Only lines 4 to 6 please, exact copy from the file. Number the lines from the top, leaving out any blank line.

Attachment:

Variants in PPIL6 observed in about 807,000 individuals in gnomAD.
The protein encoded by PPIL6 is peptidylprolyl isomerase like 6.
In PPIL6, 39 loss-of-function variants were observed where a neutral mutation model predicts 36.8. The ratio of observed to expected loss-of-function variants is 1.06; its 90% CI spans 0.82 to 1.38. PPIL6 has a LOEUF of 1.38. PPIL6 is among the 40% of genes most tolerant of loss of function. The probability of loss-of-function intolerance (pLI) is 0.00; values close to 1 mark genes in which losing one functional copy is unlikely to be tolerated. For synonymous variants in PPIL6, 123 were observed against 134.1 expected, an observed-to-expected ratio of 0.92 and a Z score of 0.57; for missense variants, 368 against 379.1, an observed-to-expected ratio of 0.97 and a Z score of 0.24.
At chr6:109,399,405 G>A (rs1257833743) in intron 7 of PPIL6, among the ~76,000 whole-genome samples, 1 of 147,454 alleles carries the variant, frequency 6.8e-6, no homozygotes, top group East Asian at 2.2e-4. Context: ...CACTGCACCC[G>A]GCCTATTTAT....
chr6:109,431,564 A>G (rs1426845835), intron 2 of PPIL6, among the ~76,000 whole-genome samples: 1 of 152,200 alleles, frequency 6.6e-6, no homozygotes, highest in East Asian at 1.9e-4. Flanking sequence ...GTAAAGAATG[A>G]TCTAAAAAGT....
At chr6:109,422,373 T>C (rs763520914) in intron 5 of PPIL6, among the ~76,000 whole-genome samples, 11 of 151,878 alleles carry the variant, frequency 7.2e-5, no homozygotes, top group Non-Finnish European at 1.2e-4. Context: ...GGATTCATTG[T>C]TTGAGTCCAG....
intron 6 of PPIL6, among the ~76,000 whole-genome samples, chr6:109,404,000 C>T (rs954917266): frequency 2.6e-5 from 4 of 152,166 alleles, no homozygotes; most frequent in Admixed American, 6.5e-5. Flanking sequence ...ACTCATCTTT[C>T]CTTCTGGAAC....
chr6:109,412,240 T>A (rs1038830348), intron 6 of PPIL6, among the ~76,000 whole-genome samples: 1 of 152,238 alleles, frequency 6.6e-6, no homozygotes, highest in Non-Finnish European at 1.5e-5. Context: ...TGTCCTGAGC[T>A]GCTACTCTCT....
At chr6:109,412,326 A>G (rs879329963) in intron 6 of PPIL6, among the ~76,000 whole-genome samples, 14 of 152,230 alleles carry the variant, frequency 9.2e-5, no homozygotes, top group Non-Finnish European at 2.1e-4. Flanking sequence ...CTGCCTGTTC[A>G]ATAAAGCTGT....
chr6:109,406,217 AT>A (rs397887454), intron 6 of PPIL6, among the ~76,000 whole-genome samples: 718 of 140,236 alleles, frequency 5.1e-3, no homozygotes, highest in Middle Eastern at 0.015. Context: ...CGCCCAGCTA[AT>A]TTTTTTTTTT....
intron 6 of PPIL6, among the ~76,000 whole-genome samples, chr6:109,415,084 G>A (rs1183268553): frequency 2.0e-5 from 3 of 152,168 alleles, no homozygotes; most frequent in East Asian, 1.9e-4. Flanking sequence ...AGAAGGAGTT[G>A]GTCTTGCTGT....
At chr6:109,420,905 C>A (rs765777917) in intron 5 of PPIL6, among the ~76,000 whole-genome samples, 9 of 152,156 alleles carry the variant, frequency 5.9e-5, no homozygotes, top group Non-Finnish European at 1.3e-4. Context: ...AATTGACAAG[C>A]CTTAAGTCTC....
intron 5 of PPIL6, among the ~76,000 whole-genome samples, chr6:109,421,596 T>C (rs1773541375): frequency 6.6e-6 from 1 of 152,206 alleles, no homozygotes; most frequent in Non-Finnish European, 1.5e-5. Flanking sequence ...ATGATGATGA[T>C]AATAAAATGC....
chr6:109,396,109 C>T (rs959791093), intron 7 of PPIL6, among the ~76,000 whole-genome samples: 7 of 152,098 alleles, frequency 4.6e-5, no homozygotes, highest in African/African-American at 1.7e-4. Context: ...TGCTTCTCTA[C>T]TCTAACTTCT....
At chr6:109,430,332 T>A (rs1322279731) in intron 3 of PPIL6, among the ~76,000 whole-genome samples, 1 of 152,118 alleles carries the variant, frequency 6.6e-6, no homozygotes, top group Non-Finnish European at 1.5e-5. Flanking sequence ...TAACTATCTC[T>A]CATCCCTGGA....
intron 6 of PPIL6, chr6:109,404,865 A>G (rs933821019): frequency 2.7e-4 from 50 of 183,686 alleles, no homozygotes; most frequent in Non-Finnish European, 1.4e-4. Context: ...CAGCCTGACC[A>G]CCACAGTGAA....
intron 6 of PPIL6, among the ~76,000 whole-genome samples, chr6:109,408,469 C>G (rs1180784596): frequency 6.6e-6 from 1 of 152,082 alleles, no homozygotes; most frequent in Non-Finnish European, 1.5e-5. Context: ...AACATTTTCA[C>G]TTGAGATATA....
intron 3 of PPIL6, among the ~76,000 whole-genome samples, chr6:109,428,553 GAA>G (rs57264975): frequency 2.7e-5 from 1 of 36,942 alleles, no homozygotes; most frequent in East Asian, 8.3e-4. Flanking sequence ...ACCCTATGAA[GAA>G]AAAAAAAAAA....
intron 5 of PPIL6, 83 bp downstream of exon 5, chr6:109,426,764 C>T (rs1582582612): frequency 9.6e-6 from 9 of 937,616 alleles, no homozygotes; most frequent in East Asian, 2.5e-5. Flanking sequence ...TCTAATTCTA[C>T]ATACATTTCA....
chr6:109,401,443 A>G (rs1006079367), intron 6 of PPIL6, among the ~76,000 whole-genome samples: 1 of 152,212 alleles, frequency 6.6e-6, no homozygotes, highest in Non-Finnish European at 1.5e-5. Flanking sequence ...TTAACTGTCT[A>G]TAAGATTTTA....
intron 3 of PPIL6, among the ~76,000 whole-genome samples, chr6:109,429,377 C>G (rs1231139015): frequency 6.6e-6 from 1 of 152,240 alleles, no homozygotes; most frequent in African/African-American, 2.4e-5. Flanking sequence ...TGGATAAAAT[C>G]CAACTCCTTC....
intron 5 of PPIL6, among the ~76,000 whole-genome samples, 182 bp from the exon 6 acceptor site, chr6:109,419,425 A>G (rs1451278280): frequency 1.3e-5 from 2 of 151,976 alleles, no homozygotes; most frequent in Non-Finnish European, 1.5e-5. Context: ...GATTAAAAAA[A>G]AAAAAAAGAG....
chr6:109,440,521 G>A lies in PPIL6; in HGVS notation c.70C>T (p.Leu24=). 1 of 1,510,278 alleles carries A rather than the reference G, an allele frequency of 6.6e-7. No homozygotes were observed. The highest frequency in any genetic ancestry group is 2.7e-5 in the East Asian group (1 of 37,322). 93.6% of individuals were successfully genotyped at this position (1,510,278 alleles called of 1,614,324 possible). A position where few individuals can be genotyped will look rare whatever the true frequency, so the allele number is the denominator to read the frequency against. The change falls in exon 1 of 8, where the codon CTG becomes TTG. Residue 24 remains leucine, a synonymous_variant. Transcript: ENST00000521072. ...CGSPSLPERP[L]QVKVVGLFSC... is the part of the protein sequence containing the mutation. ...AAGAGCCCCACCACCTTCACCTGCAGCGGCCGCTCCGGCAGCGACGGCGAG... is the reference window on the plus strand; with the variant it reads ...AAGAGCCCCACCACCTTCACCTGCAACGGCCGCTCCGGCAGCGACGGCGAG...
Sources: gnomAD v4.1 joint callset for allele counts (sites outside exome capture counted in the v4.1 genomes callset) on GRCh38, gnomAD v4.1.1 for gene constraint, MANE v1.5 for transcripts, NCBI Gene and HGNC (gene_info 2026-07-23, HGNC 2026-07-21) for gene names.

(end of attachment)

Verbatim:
At chr6:109,399,405 G>A (rs1257833743) in intron 7 of PPIL6, among the ~76,000 whole-genome samples, 1 of 147,454 alleles carries the variant, frequency 6.8e-6, no homozygotes, top group East Asian at 2.2e-4. Context: ...CACTGCACCC[G>A]GCCTATTTAT....
chr6:109,431,564 A>G (rs1426845835), intron 2 of PPIL6, among the ~76,000 whole-genome samples: 1 of 152,200 alleles, frequency 6.6e-6, no homozygotes, highest in East Asian at 1.9e-4. Flanking sequence ...GTAAAGAATG[A>G]TCTAAAAAGT....
At chr6:109,422,373 T>C (rs763520914) in intron 5 of PPIL6, among the ~76,000 whole-genome samples, 11 of 151,878 alleles carry the variant, frequency 7.2e-5, no homozygotes, top group Non-Finnish European at 1.2e-4. Context: ...GGATTCATTG[T>C]TTGAGTCCAG....